Senior abuse and neglect lawyers at Pintas & Mullins recently reported on families who placed hidden cameras in the rooms of loved ones in nursing homes. In one of the cases, the family of a 96-year-old woman found that their mother was being abused at an Oklahoma City facility. The family reported their findings to the Oklahoma Department of Health, but their frustrations continue to mount as they fear other residents are being placed in harm’s way.
Their mother, Eryetha Mayberry, suffered from dementia, and could not clearly recount what was happening to her at the Quail Creek Nursing Home. Worried for her safety, her daughters placed a hidden camera in her bedroom. The videos revealed two nursing aides violently shoving rubber gloves into Mayberry’s mouth, taunting her, and pushing her head.
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The family immediately reported the abuse to the Oklahoma Department of Health in April 2012, but to this day they have not received any information regarding an internal investigation at Quail Creek. They are sick of waiting for answers, and are now demanding more be done to protect potential abuse and neglect victims at the facility.
Mayberry’s two daughters have been trying to follow up with both the facility and the Department of Health for almost one year now, to no avail. The Department of Health released a statement regarding the issue, saying that Quail Creek did report the abuse, and took quick and proper action to correct the incident and protect residents. They also stated that Quail Creek was going to conduct a thorough internal investigation.
Upon hearing this, the family requested to see the nursing home’s investigation reports. The only information they were able to receive was regarding the local law enforcement’s actions, which included two arrests and one conviction and incarceration.
Between July 2011 and June 2012, the Oklahoma Department of Heath received more than 1,200 complaints on nursing home facilities and cited more than 1,000 facilities based on those complaints. Overall, the state cited over 7,600 nursing homes for violations, and took more than 400 enforcement actions. To put this in perspective, Oklahoma has only about 315 licensed nursing homes in operation.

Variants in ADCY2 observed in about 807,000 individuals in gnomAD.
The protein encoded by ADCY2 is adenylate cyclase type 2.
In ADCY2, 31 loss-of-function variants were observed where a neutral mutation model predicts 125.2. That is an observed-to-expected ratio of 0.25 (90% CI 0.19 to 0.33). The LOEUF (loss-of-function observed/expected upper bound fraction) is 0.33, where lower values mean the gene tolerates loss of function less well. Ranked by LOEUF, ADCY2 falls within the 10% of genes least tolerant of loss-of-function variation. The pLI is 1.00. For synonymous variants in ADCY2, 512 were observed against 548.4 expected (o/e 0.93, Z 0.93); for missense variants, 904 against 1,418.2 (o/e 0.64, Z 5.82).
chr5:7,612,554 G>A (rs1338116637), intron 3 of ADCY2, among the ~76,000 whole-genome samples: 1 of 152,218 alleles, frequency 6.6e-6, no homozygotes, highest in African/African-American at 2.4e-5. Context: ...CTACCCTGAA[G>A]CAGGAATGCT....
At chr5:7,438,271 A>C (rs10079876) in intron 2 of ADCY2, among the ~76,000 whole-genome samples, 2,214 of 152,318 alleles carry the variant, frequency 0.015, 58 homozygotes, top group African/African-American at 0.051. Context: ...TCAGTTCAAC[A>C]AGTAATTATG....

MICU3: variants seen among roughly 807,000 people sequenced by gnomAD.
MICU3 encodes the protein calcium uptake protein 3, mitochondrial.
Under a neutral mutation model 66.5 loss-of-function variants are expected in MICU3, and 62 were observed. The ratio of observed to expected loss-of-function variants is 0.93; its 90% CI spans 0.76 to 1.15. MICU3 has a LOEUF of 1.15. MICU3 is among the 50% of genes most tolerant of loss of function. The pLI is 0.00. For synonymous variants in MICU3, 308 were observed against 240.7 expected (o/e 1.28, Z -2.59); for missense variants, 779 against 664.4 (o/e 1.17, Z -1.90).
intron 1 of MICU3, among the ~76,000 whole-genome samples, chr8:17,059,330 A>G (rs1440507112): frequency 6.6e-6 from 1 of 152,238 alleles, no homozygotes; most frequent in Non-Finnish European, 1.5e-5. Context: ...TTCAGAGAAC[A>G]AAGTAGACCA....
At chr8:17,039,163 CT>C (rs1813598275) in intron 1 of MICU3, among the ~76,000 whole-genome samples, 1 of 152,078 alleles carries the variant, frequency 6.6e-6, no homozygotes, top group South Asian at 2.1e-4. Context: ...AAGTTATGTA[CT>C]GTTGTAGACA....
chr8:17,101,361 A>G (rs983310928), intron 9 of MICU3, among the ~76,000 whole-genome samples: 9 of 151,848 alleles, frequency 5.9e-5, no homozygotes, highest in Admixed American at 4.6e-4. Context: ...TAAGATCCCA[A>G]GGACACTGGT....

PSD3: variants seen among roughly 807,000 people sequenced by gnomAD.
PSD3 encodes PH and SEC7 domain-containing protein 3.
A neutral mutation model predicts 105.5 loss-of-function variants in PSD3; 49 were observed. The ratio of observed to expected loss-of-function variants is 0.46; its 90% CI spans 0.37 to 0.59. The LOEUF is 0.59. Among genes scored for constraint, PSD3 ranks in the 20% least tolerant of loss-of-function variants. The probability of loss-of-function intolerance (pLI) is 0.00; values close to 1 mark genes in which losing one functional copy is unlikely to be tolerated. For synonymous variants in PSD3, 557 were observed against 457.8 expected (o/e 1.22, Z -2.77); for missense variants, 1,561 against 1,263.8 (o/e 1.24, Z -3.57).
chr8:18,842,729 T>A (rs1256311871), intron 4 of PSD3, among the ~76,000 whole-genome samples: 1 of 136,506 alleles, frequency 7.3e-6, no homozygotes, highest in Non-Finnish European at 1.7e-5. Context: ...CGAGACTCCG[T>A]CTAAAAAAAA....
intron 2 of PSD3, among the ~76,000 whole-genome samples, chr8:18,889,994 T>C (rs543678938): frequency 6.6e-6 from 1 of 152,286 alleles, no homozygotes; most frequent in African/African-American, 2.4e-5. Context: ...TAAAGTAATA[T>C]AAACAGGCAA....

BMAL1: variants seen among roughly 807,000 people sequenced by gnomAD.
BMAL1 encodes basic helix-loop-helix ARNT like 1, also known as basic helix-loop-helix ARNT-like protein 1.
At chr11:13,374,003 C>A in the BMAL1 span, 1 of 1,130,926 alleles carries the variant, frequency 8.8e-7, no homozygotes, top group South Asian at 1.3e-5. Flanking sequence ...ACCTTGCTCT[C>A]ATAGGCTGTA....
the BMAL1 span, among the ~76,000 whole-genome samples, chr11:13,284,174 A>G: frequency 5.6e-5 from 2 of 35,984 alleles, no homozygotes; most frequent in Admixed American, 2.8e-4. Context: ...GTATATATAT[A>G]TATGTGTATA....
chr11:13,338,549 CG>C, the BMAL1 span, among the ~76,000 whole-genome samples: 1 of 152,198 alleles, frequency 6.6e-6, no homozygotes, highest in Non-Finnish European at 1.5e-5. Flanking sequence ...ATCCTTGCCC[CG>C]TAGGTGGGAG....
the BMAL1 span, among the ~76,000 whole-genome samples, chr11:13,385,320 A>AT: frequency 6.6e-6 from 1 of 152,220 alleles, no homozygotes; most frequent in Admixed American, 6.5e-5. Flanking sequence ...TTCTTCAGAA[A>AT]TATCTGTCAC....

Mayberry’s family ardently believes that more incidents of abuse and neglect are happening than are being reported. They say families of loved ones in nursing homes need to stay on their toes, keep a watchful eye on staff, and consider placing a camera if they have any suspicions.
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Nursing home abuse can be physical, like what happened to Mayberry, or psychological. As seen in the Quail Creek video, staff sometimes physically abuse vulnerable residents by slapping, pushing, shaking, or by sedating them with dangerous medications. They know that these residents suffer from cognitive disorders that prevent them from telling their loved ones about what is happening to them.
Psychological abuse is much more subtle, but just as damaging to the victim. This can take form in belittlement, threats, isolation, and intentional negligence. Nursing home neglect is also much more common than we think, because it goes largely unreported, but can directly cause the death of a loved one. Negligence of this kind can occur when staff either consciously refuse or are too understaffed to give appropriate care to each resident. As a result, seniors can become dangerously malnourished, dehydrated, or develop bed sores that eventually become infected, leading to sepsis and, ultimately, death.
Vigilance, such as the Mayberry family demonstrated, is the only way to catch and prevent such acts of abuse and neglect. Elder abuse and neglect lawyers at Pintas & Mullins have extensive experience working with victims and their families. If you or someone you love suffered serious injuries from any acts of abuse or negligence, you have important legal rights, and may be entitled to compensation through a nursing home lawsuit.